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Blog Entry


By: Lisa Briggs | Thursday, Sept. 10th, 2020

For many gardeners, Labor Day marks the end of summer and the beginning of the autumn lawn care season. Cooler temperatures and more regular rainfall make this an excellent time to start a new lawn or repair an existing one. The still-warm soil speeds up seed germination while the cooler air aids growth and development. The 30-day forecast for the Madison area isn’t predicting that temperatures will drop lower than the high-40s until the end of the month, so you have some time. But you’ll want to get your seed down soon to decrease winter damage.

If your existing lawn is looking a little tired, consider doing some aerating or de-thatching, followed by a late-season fertilizer. This will stimulate root growth and help to lessen the problems that weaker, less vigorous lawns may develop over the winter months.

Fall is also a great time for weed control. The chemicals can be more effective and the actively growing grass will soon fill in the empty spaces. You may need a second application in October for stubborn weeds like violets or chickweed, but it is best to wait until after the first frost to treat Creeping Charlie.

These golden evenings are perfect for strolling through your neighborhood to scout your friends’ fall perennial combinations.  Consider planting Aster, Sedum, Japanese Anemones or Turtlehead in your own garden. Autumn is a great time to plant perennials. Just make sure to water them regularly and consider topping with a light mulch of marsh hay once the ground has frozen to prevent heaving.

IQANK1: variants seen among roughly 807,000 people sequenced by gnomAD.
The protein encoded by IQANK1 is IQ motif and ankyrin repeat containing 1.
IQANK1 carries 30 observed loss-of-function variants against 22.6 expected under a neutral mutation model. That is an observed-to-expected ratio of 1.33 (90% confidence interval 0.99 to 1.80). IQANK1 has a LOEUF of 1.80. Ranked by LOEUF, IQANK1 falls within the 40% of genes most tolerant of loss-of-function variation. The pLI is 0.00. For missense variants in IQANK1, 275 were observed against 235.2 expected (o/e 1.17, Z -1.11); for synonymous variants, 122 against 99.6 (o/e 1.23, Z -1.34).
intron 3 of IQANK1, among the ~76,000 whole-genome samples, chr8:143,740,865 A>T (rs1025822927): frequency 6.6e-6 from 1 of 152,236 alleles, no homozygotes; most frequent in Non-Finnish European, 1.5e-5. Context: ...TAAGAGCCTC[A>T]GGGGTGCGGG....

Finish any transplanting or dividing your perennials as soon as possible. You’ll want the plants to have plenty of time to re-establish before the ground freezes. And stop deadheading any plants that you want to develop seed pods for winter interest. Late summer and fall blooming perennials like Coneflowers, and many of the perennial grasses look fabulous in the snowy garden, and as a bonus, provide food for birds in winter residence.

Stop fertilizing and deadheading your roses now to allow the rosehips to develop. The shorter days are a signal to begin dormancy and feeding them now will interfere with that process. Put some bark mulch or clean topsoil in a handy place where it won’t freeze. You don’t need it yet, but you will. If you have tree roses, think about where they will be spending the winter. A cleaned out vegetable garden is a great place for digging in slumbering tree roses.

Plant any new evergreens as soon as possible. Evergreen plants don’t go completely dormant, and we like to give them as much time to establish new roots as possible. Commit to soaking the roots once a week until the ground freezes. In our area, that could be as late as mid-December.

Deciduous trees and shrubs can be planted into mid-November. Again, watering is the key. Make a promise to your plants and don’t slack off. Adequate watering is the single, most important thing that you can do to ensure winter survival of establishing plants.

It’s too soon to do much pruning, as it may stimulate new growth that won’t be able to harden before winter. Wait until after Thanksgiving to prune deciduous trees and shrubs. Pruning evergreens is a job that should be put off until next June or July. Don’t despair though, you have plenty of other things to do.